Tag: Services Market

Significance of Services Market Consolidating | Sherpas in Blue Shirts

I’ve been blogging about the services market consolidating in the provider/delivery space. We’re seeing it with iGate, Dell and others. We believe that activity will accelerate. Here’s what’s new and significant: we’re also seeing it in the adjacent spaces of sourcing advisory and research.

In the heyday of the sourcing advisory space in the early 2000s, there were literally dozens of competitors in that space. There are now far fewer players, and consolidation is happening again. ISG has been consolidating the benchmarking services, for instance. It acquired Compass in 2011 and in December 2016 acquired Alsbridge as the next large installment in consolidation efforts.

The research space also sits adjacent to the services space, and it is consolidating. Right out of the gate in 2017, research firm Gartner announced it entered into an agreement to acquire Corporate Executive Board (CEB). For years, we’ve seen Gartner grow both organically and inorganically. This recent move represents a big step in market consolidation in the research space.

What does consolidation in these three areas mean for the services industry?

First of all, size matters, particularly for profitability. That applies to all three categories – service providers and the sourcing advisory and research firms. The market doesn’t want a single voice for advice or capabilities in these areas.

In the service provider space, key clients have been moving away from their risks in over-concentration with one provider. We’ve seen Cognizant and TCS and sometimes Infosys suffer from this. After a provider gets to a certain scale within a client, the client is reluctant is give the provider more work and actively starts to seek to find other delivery mechanisms.

In the research space, the market rewards Gartner because of its scale that allows better profitability; however, the market also wants contrary or other opinions, not just one opinion. Hence, companies like Forrester and, arguably, Everest Group, grow as alternate voices.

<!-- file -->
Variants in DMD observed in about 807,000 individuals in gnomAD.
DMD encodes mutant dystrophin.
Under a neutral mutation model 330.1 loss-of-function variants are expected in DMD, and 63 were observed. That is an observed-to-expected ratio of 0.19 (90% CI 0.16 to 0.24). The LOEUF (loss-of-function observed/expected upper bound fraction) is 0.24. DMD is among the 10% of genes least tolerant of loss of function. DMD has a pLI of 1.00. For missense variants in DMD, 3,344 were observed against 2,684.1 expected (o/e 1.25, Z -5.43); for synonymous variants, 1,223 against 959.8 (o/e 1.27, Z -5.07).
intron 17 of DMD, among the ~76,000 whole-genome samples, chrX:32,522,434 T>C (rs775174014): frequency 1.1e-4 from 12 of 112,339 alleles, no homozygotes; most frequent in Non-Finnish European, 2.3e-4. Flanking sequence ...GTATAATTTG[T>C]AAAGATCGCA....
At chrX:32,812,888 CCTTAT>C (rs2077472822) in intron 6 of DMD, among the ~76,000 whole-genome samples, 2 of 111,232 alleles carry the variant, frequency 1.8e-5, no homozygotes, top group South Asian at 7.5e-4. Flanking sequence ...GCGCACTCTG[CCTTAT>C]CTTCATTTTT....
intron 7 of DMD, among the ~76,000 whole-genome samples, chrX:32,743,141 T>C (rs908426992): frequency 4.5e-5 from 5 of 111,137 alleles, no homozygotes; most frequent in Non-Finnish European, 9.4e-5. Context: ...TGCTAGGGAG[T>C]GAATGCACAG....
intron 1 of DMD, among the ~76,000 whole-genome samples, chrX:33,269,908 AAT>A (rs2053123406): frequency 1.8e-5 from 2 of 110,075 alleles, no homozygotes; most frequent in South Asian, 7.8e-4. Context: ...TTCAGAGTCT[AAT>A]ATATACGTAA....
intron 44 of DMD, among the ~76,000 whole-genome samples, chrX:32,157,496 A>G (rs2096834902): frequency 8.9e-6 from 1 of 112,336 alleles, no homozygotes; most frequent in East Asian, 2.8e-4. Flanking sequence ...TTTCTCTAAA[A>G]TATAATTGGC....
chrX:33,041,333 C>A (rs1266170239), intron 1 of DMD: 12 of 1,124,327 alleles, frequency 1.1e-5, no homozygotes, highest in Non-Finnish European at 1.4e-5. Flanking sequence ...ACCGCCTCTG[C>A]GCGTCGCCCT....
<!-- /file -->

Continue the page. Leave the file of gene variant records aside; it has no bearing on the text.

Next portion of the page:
Yes, there is consolidation today; but there are multiple voices, which the market needs. Consolidation makes sense for the acquiring companies; it’s a substitute for organic growth, and they reap the rewards from scale and profitability. But consolidation results in something even more significant: it gives an opening to boutique firms.

Boutiques have an opening particularly in the large clients that are over-concentrated in one or two service providers. That’s where we see small digital players moving now and doing well. We believe the opening for boutique service provider firms as a result of consolidation also applies for research firms and potentially for sourcing advisory firms as well.

Testing: First Services Workload to Migrate to Cloud | Sherpas in Blue Shirts

The services market is aflutter with the coming impact of migrating work from legacy environments to cloud environments. Twenty-five to 30 percent of capacity in legacy environments today is utilized for testing, making it ideal as the first workload in services to migrate to cloud. We see signs that this migration is already underway. We believe the implications of migrating the testing workload are very significant.

Let’s look first at why testing will be the first big area to move to the cloud. Testing environments are low risk to be moved, and there are few production consequences. Testing is a really interesting first step and low-risk way to test cloud environments. Test environments are used intermittently, which makes them ideal workloads to move into a public cloud where you only pay for what you use. You can spin them up quickly and shut them down quickly. There is also a substantial cost benefit. And they’re a great test bed in that you can use them not only for the testing workload but also test your legacy applications running in these environments.

It will take some time to put the migration in place, but we think this is a natural grouping of things to move.

The implications, though, are fairly dramatic to the existing legacy workloads.

If a testing environment comprises 25 to 30 percent of the capacity moved, it means you’re left with excess capacity in your legacy environment. For organizations that are not in outsourcing relationships for testing, they won’t need to buy new equipment; the capacity can be used for production as production grows. But those that are in outsourced relationships, whether with asset-intensive or remote infrastructure management outsourcing (RIMO) providers, there will be a corresponding reduction in the invoice to the outsourcer.

At Everest Group, we’ve looked at the contracts for more than 300 outsourcing relationships to see what the implications would be as a result of the migration. We found that almost uniformly, if companies manage these migrations correctly, they can reduce their invoice by 25 to 30 percent without breaking banding or costing prices. So testing workloads certainly can be migrated.

This will result in a downward pressure in revenue for the incumbent infrastructure providers, so we think this has significant implications for the outsourcing industry. Whether it is the RIMO players or the asset-intensive players such as CSC-HP and IBM, migrating the testing workloads will impact 25 to 30 percent of the existing capacity in these providers’ invoices.

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